Given the shelter-at-home edicts, working from home will be the norm for at least another month. And, “Zoom has become the platform for pretty much every meeting,” said William Mandara Jr., CEO of Mancini, a tech-first design firm. “Technology in general has been and will be the reason we all make it through this.”
The digital transformation agency Blue Fountain Media first used Zoom for clients and those who work from home, but now, with the entire staff working remotely, “We use it for all team meetings, and I’m on Zoom meetings no less than six hours-per-day,” said Brian Byer, vice president and general manager of the agency.
SEE: Policy pack: Guidelines for remote workers (TechRepublic free PDF download)
Zoom is essential for tech’s best-known companies. “Zoom is a core part of GitLab’s tool stack,” said Darren Murph, head of remote at GitLab.
“We use it daily to communicate with our all-remote team of more than 1,200 people across 65+ countries,” Murph said. “We use it for one-on-ones, stand-ups, team meetings, as well as informal communication. We build relationships via coffee chats, and even encourage parents with kids who are home from school to schedule ‘Juicebox Chats’ for children around the world to connect with one another. We routinely host company wide AMAs, with hundreds of people involved simultaneously. We use Zoom to bond with colleagues, recently hosting 130+ people in our marketing team for a Global Talent Show, replete with judges and prizes.”
TechRepublic asked experts to provide advice on what not to do during company Zoom meetings. Here are their best tips:
1. Don’t check yourself out. “Especially when you’re talking,” warned Dave Aizer, a media coach and TV host. “When you’re speaking, your eyes should be on the camera to enhance the impact of your presentation. If you look at yourself, especially when speaking, it diminishes your power and—if you don’t like what you see—may even make you feel self-conscious. You can minimize the image of you [on your own device], if that helps.”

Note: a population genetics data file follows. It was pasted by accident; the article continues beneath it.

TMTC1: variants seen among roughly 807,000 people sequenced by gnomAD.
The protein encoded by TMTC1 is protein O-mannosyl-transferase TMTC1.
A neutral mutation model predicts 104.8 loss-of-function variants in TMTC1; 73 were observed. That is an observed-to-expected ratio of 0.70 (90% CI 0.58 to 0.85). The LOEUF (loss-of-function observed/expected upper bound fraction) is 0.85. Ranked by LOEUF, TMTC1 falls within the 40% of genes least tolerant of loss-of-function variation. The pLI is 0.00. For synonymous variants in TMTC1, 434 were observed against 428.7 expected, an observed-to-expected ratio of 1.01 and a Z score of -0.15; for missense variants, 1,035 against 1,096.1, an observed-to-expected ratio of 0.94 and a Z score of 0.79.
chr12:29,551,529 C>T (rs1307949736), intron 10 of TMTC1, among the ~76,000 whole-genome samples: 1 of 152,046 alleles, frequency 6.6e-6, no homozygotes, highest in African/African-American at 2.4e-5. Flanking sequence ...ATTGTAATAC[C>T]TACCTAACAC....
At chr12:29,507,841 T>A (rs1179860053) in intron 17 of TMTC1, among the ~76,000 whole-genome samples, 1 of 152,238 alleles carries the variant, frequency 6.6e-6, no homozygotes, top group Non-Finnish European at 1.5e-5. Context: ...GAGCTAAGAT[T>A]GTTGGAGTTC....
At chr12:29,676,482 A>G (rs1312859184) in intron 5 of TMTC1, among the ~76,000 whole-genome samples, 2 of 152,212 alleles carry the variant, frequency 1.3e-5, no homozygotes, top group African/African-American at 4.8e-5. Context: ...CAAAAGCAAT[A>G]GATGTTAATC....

2. Don’t apologize. Colleagues now get glimpses into each others’ homes and personal lives. “Do not apologize,” said Steve Pemberton, chief HR officer at Workhuman. “If your child interrupts your video conference, don’t shoo them out, embrace the moment, and welcome them into the frame, introduce them to your colleagues. Not only will this make your family members feel special, it also helps to increase employee engagement, as it keeps humanity in the workplace.”
3. Don’t overexpose your life. While it’s inevitable the aforementioned “glimpses” are bound to happen, or to reference a sound from a pet or child, don’t hijack the meeting by flipping your camera around to allow everyone to see a messy room or worse.
4. Don’t be wiggly, you’re not in second grade. “Zoom is mostly great, however we’ve found the video can sometimes struggle when there is a lot of movement,” said Sam Williamson, owner of CBDiablo. “This can cause freezing issues. Restrict movement as much as possible during video calls. For some this means resisting the urge to ‘talk with your hands.”
5. Don’t avoid the camera. “To avoid embarrassing situations, tell everyone at home you’re going live and will be on video,” said Debra Locker, president, Locker PR. “We are all crammed into our homes right now. If you are in a room with a door, close it. Consider a note on the door. Find a quiet area. Engage your children and/or partner in assisting with entertaining pets, babies, etc.”
6. Don’t forget your manners, no matter how feral you’ve become sheltering at home. On Zoom, “Use the ‘raise hand’ or similar function, rather than interjecting or interpreting facial cues,” said Ben Christensen, co-founder of Handshake, a business social-media platform for college students. Have somewhere to ask questions before the meeting, a chat function, or dedicated Q&A at the end of the meeting. This ensures everyone feels included and heard, and allows for a more productive meeting.